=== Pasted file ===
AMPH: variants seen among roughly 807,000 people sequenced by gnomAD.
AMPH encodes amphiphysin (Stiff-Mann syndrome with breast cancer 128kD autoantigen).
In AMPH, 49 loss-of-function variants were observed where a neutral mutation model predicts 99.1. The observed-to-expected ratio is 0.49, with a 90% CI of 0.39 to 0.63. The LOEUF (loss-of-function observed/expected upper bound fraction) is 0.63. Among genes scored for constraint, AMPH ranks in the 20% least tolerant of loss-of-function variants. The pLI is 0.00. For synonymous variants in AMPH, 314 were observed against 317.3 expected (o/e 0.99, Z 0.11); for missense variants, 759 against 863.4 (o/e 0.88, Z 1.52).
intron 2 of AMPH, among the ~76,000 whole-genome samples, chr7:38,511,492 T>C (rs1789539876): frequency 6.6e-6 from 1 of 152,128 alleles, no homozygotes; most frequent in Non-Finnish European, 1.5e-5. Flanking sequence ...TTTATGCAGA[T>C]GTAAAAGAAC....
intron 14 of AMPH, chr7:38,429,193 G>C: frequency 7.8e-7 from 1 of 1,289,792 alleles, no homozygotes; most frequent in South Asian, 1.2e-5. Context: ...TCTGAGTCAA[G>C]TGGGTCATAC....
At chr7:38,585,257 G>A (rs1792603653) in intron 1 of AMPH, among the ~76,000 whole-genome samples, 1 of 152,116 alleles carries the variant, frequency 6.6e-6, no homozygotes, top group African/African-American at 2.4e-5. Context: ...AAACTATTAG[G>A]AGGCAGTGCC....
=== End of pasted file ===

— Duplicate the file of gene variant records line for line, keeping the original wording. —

AMPH: variants seen among roughly 807,000 people sequenced by gnomAD.
AMPH encodes amphiphysin (Stiff-Mann syndrome with breast cancer 128kD autoantigen).
In AMPH, 49 loss-of-function variants were observed where a neutral mutation model predicts 99.1. The observed-to-expected ratio is 0.49, with a 90% CI of 0.39 to 0.63. The LOEUF (loss-of-function observed/expected upper bound fraction) is 0.63. Among genes scored for constraint, AMPH ranks in the 20% least tolerant of loss-of-function variants. The pLI is 0.00. For synonymous variants in AMPH, 314 were observed against 317.3 expected (o/e 0.99, Z 0.11); for missense variants, 759 against 863.4 (o/e 0.88, Z 1.52).
intron 2 of AMPH, among the ~76,000 whole-genome samples, chr7:38,511,492 T>C (rs1789539876): frequency 6.6e-6 from 1 of 152,128 alleles, no homozygotes; most frequent in Non-Finnish European, 1.5e-5. Flanking sequence ...TTTATGCAGA[T>C]GTAAAAGAAC....
intron 14 of AMPH, chr7:38,429,193 G>C: frequency 7.8e-7 from 1 of 1,289,792 alleles, no homozygotes; most frequent in South Asian, 1.2e-5. Context: ...TCTGAGTCAA[G>C]TGGGTCATAC....
At chr7:38,585,257 G>A (rs1792603653) in intron 1 of AMPH, among the ~76,000 whole-genome samples, 1 of 152,116 alleles carries the variant, frequency 6.6e-6, no homozygotes, top group African/African-American at 2.4e-5. Context: ...AAACTATTAG[G>A]AGGCAGTGCC....